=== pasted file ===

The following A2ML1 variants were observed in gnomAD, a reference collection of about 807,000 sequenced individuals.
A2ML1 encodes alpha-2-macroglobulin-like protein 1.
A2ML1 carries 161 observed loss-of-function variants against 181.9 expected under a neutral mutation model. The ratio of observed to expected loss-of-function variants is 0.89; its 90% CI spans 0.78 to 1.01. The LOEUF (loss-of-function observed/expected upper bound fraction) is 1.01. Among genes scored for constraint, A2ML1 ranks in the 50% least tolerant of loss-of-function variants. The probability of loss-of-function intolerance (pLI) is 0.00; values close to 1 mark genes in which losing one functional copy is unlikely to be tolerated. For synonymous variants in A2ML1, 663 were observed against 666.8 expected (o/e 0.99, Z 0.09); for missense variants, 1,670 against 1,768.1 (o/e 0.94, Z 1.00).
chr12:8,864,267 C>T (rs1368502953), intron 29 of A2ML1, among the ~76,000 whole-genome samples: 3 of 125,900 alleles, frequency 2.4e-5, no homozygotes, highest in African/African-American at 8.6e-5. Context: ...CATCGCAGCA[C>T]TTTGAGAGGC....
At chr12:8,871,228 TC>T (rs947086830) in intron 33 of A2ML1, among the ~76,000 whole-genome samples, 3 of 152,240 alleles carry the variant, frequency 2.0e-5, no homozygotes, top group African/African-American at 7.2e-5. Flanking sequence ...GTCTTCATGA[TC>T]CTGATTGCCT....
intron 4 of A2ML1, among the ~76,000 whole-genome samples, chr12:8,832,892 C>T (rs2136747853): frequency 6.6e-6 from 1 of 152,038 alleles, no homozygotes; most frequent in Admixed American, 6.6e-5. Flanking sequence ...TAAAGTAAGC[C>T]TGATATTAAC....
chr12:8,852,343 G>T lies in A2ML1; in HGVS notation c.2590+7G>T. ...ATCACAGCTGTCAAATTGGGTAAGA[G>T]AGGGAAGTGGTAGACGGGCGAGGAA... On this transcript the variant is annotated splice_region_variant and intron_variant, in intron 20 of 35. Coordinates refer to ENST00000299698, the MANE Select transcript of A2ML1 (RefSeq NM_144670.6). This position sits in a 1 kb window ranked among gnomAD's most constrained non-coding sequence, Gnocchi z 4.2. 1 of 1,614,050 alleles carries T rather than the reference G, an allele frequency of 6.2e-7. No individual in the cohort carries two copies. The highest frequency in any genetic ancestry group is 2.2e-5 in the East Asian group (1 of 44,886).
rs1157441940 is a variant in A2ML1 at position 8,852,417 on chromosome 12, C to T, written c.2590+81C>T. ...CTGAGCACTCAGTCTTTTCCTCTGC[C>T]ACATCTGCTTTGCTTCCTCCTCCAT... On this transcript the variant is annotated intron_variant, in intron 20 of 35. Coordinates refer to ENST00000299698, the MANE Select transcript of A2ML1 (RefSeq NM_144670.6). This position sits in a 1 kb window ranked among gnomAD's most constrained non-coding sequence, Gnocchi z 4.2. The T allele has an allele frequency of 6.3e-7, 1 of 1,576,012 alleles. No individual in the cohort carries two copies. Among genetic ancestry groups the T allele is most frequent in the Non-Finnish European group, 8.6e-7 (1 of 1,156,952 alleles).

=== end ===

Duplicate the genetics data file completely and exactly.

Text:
The following A2ML1 variants were observed in gnomAD, a reference collection of about 807,000 sequenced individuals.
A2ML1 encodes alpha-2-macroglobulin-like protein 1.
A2ML1 carries 161 observed loss-of-function variants against 181.9 expected under a neutral mutation model. The ratio of observed to expected loss-of-function variants is 0.89; its 90% CI spans 0.78 to 1.01. The LOEUF (loss-of-function observed/expected upper bound fraction) is 1.01. Among genes scored for constraint, A2ML1 ranks in the 50% least tolerant of loss-of-function variants. The probability of loss-of-function intolerance (pLI) is 0.00; values close to 1 mark genes in which losing one functional copy is unlikely to be tolerated. For synonymous variants in A2ML1, 663 were observed against 666.8 expected (o/e 0.99, Z 0.09); for missense variants, 1,670 against 1,768.1 (o/e 0.94, Z 1.00).
chr12:8,864,267 C>T (rs1368502953), intron 29 of A2ML1, among the ~76,000 whole-genome samples: 3 of 125,900 alleles, frequency 2.4e-5, no homozygotes, highest in African/African-American at 8.6e-5. Context: ...CATCGCAGCA[C>T]TTTGAGAGGC....
At chr12:8,871,228 TC>T (rs947086830) in intron 33 of A2ML1, among the ~76,000 whole-genome samples, 3 of 152,240 alleles carry the variant, frequency 2.0e-5, no homozygotes, top group African/African-American at 7.2e-5. Flanking sequence ...GTCTTCATGA[TC>T]CTGATTGCCT....
intron 4 of A2ML1, among the ~76,000 whole-genome samples, chr12:8,832,892 C>T (rs2136747853): frequency 6.6e-6 from 1 of 152,038 alleles, no homozygotes; most frequent in Admixed American, 6.6e-5. Flanking sequence ...TAAAGTAAGC[C>T]TGATATTAAC....
chr12:8,852,343 G>T lies in A2ML1; in HGVS notation c.2590+7G>T. ...ATCACAGCTGTCAAATTGGGTAAGA[G>T]AGGGAAGTGGTAGACGGGCGAGGAA... On this transcript the variant is annotated splice_region_variant and intron_variant, in intron 20 of 35. Coordinates refer to ENST00000299698, the MANE Select transcript of A2ML1 (RefSeq NM_144670.6). This position sits in a 1 kb window ranked among gnomAD's most constrained non-coding sequence, Gnocchi z 4.2. 1 of 1,614,050 alleles carries T rather than the reference G, an allele frequency of 6.2e-7. No individual in the cohort carries two copies. The highest frequency in any genetic ancestry group is 2.2e-5 in the East Asian group (1 of 44,886).
rs1157441940 is a variant in A2ML1 at position 8,852,417 on chromosome 12, C to T, written c.2590+81C>T. ...CTGAGCACTCAGTCTTTTCCTCTGC[C>T]ACATCTGCTTTGCTTCCTCCTCCAT... On this transcript the variant is annotated intron_variant, in intron 20 of 35. Coordinates refer to ENST00000299698, the MANE Select transcript of A2ML1 (RefSeq NM_144670.6). This position sits in a 1 kb window ranked among gnomAD's most constrained non-coding sequence, Gnocchi z 4.2. The T allele has an allele frequency of 6.3e-7, 1 of 1,576,012 alleles. No individual in the cohort carries two copies. Among genetic ancestry groups the T allele is most frequent in the Non-Finnish European group, 8.6e-7 (1 of 1,156,952 alleles).